NBER Working Paper No. Issued in March NBER Program(s):Asset Pricing We study equilibrium firm-level stock returns in two economies: one in which investors are loss averse over the fluctuations of their stock portfolio and another in which they are loss averse over the fluctuations of.

Downloadable. We study equilibrium firm-level stock returns in two economies: one in which investors are loss averse over the fluctuations of their stock portfolio and another in which they are loss averse over the fluctuations of individual stocks that they own.

Both approaches can shed light on empirical phenomena, but we find the second approach to be more successful: in that economy, the. Mental accounting is biased toward selling the winner even though selling the loser is usually the rational decision, due to tax loss benefits as well as the fact that the losing stock.

Yet perhaps even more troublesome than these errors is the phenomenon known as “mental accounting.” Mental accounting refers to the tendency of humans to develop and make decisions based on purely mental categories.

Although they seem rational, the categories we create are often wholly arbitrary — and in some cases, dangerously misleading.

Mental accounting is a concept associated with the work of Richard Thaler (see Thaler,for a summary). According to Thaler, people think of value in relative rather than absolute terms. They derive pleasure not just from an object’s value, but also the quality of the deal –.

We would like to show you a description here but the site won’t allow more. Mental Accounting, Loss Aversion, and Individual Stock Returns by Nicholas Barberis, Ming Huang - THE JOURNAL OF FINANCE • VOL.

LVI, NO. 4 • AUGUST Get this from a library. Mental accounting, loss aversion, and individual stock returns. [Nicholas Barberis; Ming Huang; National Bureau of Economic Research.]. Mental Accounting, Loss Aversion, and Individual Stock Returns value, while requiring a lower rate of return.

But if we accept O'Dean's evidence that investors tend to sell winners to new investors, the new investors, not having experienced the gains, will not be subject to the house money effect. Loss aversion. Investors can be subject to loss aversion. If we spend $1, on a stock, there is an aversion to selling at a loss, but an incentive to sell at a small profit.

If investors frequently check their stocks, it can make them risk-averse and sell as soon as stocks move into profit. Behavioral Finance (Prospect Theory, Mental Accounting, Regret Aversion & Self Control) Sell the stock now and realize a loss of $10Sell the stock now and realize a loss of $10 OROR Hold the stock for one more period, with aHold the stock for one more period, with a odds between losing an additional $ odds between losing.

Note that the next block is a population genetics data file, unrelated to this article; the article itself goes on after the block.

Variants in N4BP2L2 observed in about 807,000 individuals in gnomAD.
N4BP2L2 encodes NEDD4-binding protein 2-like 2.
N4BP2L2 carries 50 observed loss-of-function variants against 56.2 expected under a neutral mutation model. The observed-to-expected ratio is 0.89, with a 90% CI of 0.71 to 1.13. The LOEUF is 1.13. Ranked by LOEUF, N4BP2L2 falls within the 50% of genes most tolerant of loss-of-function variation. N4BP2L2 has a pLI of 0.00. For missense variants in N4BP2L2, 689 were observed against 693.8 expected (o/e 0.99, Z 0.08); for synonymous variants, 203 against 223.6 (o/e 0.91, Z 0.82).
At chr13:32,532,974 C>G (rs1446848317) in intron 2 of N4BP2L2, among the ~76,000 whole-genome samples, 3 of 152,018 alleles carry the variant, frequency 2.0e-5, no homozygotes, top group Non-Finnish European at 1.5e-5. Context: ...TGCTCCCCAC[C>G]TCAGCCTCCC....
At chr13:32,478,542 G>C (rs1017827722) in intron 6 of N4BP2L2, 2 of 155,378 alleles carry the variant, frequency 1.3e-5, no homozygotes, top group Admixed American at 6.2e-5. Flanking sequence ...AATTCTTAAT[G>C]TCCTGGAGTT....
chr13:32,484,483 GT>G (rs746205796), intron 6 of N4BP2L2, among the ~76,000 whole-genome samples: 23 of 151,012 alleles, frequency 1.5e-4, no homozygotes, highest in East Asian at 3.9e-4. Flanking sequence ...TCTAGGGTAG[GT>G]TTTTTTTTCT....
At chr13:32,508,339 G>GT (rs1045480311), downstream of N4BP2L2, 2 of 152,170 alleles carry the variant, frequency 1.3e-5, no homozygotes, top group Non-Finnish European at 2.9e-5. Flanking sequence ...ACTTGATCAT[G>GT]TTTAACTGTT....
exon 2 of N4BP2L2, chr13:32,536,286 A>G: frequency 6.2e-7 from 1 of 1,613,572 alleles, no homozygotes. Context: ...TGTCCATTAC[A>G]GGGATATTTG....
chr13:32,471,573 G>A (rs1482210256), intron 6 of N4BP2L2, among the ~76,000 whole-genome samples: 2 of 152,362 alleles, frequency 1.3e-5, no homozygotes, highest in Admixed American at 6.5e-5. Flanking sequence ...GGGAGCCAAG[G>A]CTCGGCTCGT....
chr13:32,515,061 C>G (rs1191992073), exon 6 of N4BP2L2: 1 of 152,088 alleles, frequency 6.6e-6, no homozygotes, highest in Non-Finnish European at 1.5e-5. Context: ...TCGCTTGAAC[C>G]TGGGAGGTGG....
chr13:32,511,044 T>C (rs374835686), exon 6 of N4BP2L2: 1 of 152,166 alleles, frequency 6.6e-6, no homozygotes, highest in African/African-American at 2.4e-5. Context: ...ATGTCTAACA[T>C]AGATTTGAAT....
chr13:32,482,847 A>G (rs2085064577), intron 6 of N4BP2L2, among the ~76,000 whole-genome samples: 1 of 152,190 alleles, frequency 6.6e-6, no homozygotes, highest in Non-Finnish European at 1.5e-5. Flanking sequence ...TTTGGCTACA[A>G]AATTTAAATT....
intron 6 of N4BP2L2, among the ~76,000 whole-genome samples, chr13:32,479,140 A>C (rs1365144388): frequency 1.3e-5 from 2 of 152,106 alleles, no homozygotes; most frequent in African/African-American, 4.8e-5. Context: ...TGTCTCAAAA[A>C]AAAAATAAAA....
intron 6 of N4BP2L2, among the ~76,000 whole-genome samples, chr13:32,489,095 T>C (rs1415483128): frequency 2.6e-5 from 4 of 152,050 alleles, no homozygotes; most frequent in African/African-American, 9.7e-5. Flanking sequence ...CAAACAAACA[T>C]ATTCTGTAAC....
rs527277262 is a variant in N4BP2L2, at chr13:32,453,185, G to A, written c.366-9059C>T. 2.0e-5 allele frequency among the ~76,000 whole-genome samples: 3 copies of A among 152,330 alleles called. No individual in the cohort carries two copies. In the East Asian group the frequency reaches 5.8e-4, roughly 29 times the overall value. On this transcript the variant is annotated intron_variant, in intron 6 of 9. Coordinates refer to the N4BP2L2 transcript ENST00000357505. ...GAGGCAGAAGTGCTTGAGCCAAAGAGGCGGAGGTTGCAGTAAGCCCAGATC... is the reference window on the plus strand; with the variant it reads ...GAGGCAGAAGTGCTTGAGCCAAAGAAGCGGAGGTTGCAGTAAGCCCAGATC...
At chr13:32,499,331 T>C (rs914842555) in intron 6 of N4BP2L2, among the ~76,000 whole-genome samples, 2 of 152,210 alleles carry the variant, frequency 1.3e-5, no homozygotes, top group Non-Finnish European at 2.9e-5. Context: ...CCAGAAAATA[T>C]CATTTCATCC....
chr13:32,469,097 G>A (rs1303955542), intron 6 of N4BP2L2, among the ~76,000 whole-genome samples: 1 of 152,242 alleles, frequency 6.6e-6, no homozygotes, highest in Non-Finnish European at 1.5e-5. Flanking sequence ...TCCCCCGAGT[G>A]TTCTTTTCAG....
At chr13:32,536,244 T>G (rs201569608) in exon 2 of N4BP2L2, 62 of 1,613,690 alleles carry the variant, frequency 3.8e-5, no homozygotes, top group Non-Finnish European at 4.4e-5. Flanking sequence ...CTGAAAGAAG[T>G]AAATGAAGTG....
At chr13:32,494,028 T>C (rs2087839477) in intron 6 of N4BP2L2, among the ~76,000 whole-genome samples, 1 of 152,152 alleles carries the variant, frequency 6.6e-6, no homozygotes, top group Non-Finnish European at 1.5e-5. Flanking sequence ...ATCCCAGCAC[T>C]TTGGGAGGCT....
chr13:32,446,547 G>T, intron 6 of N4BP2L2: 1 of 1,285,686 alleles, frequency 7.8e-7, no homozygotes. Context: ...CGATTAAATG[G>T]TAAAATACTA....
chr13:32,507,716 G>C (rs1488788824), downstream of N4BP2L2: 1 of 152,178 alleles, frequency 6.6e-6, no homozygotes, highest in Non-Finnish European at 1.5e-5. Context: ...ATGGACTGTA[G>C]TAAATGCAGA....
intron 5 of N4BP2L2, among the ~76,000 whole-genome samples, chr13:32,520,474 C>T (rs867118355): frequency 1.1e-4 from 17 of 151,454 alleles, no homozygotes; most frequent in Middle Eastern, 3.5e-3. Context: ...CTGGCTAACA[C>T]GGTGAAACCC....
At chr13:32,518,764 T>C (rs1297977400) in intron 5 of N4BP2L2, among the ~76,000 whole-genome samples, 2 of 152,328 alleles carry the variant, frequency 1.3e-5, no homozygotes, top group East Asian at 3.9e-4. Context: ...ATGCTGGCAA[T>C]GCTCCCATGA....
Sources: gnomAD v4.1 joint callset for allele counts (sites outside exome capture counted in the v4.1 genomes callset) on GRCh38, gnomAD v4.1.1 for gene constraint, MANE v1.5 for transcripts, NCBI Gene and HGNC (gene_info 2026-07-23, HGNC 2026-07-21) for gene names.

"Mental Accounting, Loss Aversion, and Individual Stock Returns," Journal of Finance, American Finance Association, vol.

56(4), pagesAugust. Nicholas Barberis & Ming Huang, "Mental Accounting, Loss Aversion, and Individual Stock Returns," NBER Working PapersNational Bureau of Economic Research, Inc. Mental Accounting, Loss Aversion, and Individual Stock Returns: Discussion. The Journal of Finance, Vol.

56, No. 4, (Aug., ), pp. Available from. Get this from a library. Mental accounting, loss aversion, and individual stock returns. [Nicholas Barberis; Ming Huang; National Bureau of Economic Research.] -- Abstract: We study equilibrium firm-level stock returns in two economies: one in which investors are loss averse over the fluctuations of their stock portfolio and another in which they are loss.

What is Loss Aversion. Loss aversion is a tendency in behavioral finance Behavioral Finance Behavioral finance is the study of the influence of psychology on the behavior of investors or financial practitioners.

It also includes the subsequent effects on the markets. It focuses on the fact that investors are not always rational where investors are so fearful of losses that they focus on trying. Mental Accounting Bias, Its influence on Behaviour and Approach of High Networth Individual (HNI) in Stock Investment in India Conference Paper (PDF Available) October with 1, Reads.

Myopic loss aversion gives rise to poor portfolio management and lower returns. It also may help explain the equity risk premium. Overconfidence. Being overconfident in your investing abilities can lead to big investing losses.

A main reason is that, in the short run, the ups and downs of the stock market are random happenings.Mental Accounting, Loss Aversion, and Individual Stock Returns 17 December | The Journal of Finance, Vol. 56, No.

4 The impact of business objectives and the time horizon of performance evaluation on pricing behavior.